New Zealand prohibits nuclear-powered or nuclear-armed ships from using the country's ports or territorial waters, including vessels of its security partners like the US Navy (USN).

Leaders of the US, Australia, and the UK jointly announced the creation of an “enhanced trilateral security partnership” known as AUKUS on 15 September.

“As the first initiative under AUKUS, recognising our common tradition as maritime democracies, we commit to a shared ambition to support Australia in acquiring nuclear-powered submarines for the Royal Australian Navy,” reads a joint leaders' statement published by the White House on the same day.


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South Korea conducts first SLBM test launch from in-service submarine

by Gabriel Dominguez & Matteo Scarano

South Korea test-launched a locally developed SLBM from an in-service submarine for the first time on 15 September. (Agency for Defense Development)

South Korea has test-launched a locally developed submarine-launched ballistic missile (SLBM) from an in-service submarine for the first time, according to a 15 September statement by the Ministry of National Defense (MND) in Seoul.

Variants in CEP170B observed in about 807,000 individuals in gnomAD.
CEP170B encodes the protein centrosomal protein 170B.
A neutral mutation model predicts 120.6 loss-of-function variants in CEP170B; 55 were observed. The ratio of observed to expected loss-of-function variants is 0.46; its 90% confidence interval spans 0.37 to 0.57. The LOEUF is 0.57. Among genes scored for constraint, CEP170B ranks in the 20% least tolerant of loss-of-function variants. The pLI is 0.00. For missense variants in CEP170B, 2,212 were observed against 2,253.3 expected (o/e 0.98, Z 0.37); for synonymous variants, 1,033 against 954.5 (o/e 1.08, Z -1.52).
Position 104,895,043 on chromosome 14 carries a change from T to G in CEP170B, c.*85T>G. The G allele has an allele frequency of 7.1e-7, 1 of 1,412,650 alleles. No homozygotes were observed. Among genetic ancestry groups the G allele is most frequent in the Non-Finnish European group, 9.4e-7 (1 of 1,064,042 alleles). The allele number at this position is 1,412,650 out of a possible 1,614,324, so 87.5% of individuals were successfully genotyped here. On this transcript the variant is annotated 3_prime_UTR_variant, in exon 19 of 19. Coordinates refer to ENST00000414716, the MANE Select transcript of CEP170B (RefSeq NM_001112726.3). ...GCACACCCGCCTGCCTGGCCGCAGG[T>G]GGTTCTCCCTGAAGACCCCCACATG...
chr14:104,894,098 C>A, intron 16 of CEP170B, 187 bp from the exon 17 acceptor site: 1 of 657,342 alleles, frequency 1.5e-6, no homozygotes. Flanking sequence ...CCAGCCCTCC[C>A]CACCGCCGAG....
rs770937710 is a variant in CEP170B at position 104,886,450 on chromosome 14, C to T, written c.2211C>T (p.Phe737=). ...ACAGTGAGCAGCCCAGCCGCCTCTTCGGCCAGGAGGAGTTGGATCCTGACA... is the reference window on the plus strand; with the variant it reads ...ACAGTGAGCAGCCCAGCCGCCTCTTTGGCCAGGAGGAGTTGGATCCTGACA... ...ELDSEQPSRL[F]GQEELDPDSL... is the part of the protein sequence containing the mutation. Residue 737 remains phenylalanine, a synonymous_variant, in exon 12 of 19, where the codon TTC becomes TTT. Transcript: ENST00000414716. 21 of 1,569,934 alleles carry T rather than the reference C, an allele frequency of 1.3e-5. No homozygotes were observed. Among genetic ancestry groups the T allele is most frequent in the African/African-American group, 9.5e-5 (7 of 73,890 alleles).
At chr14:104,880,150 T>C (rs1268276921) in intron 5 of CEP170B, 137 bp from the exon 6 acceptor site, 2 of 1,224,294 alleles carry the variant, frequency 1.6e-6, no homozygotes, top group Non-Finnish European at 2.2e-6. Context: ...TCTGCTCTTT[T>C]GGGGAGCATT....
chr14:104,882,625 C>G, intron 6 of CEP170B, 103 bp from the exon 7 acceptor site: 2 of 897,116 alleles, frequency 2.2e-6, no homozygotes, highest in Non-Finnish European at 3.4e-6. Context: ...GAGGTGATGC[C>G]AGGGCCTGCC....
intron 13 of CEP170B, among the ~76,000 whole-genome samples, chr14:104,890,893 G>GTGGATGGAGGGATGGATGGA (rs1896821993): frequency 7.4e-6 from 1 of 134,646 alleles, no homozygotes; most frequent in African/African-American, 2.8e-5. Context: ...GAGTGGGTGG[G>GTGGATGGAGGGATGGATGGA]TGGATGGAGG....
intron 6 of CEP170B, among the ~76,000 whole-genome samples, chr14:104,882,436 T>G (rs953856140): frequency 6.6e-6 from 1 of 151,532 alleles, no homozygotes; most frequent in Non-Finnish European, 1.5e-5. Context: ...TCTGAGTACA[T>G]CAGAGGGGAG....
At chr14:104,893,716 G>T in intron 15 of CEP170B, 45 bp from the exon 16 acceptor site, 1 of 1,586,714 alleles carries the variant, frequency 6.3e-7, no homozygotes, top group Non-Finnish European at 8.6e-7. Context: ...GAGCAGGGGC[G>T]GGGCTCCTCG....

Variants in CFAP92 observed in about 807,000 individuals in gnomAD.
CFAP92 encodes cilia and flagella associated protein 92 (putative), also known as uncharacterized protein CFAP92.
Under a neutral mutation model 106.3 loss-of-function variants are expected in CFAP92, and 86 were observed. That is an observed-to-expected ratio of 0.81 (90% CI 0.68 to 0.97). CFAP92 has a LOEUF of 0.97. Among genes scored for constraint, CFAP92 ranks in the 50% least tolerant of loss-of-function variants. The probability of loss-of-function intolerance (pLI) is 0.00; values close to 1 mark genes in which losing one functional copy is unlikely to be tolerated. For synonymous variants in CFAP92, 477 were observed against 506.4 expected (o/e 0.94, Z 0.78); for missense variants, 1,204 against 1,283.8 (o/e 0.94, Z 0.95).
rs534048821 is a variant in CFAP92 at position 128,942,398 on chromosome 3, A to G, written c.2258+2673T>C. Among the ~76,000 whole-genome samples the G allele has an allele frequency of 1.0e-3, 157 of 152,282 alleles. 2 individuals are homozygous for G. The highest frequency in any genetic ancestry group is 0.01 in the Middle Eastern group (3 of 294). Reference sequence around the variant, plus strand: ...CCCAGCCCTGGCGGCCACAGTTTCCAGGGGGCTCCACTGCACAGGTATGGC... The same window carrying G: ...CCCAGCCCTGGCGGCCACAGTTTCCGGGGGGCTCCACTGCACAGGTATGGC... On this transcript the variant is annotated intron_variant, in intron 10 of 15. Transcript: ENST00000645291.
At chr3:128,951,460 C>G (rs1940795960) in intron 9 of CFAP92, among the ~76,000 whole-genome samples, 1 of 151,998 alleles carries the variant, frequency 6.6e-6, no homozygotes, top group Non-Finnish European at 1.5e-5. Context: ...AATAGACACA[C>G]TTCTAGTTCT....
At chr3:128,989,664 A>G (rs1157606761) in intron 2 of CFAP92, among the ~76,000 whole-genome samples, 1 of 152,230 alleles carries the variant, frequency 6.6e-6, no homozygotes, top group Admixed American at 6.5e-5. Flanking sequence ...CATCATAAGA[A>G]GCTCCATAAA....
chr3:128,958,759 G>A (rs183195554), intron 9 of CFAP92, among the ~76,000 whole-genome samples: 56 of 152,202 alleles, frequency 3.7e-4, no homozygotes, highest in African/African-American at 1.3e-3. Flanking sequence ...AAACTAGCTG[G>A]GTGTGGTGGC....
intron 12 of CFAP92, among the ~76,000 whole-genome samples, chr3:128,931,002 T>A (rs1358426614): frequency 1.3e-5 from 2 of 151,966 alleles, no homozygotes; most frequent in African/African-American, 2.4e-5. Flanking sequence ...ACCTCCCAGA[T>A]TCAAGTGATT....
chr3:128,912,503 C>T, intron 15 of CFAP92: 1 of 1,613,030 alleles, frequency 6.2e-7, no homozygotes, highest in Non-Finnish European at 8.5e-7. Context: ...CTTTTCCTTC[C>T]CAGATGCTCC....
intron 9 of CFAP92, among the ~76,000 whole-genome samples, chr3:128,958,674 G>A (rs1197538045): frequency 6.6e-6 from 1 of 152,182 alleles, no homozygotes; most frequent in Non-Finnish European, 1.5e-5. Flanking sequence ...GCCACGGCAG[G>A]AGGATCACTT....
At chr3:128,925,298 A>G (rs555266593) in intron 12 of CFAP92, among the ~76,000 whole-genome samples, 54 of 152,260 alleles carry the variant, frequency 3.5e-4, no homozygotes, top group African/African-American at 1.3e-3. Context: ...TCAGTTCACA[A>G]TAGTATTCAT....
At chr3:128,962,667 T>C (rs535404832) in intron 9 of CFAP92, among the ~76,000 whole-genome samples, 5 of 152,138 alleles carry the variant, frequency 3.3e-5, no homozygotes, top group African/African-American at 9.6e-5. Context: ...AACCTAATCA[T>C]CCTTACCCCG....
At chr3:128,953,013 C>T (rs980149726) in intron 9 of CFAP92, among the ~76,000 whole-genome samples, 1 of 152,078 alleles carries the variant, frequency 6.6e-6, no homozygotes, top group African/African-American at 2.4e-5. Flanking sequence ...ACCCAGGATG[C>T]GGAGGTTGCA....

The MND said that the weapon, which was launched from the recently commissioned KSS-III (also spelled KSS-3)-class submarine Dosan An Chang-ho while submerged, “accurately hit” its intended simulated target, addiing that this makes South Korea one of the few countries in the world to have SLBMs.

The launch, which follows underwater ejection tests from the same boat, as well as trials using an underwater barrage, was conducted by the country's Agency for Defence Development (ADD) at its Anheung test site in South Chungcheong Province and overseen by South Korean President Moon Jae-in and Defence Minister Suh Wook.

In a separate statement Moon said that South Korea's continuous improvement of its locally developed missiles will serve as a deterrent against future provocations from North Korea and help overcome asymmetric threats.


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https://www.janes.com/defence-news/australia-accepts-delivery-of-second-supply-class-aor-vessel-from-navantia/

Spanish shipbuilder Navantia announced on 8 September that the Australian Department of Defence (DoD...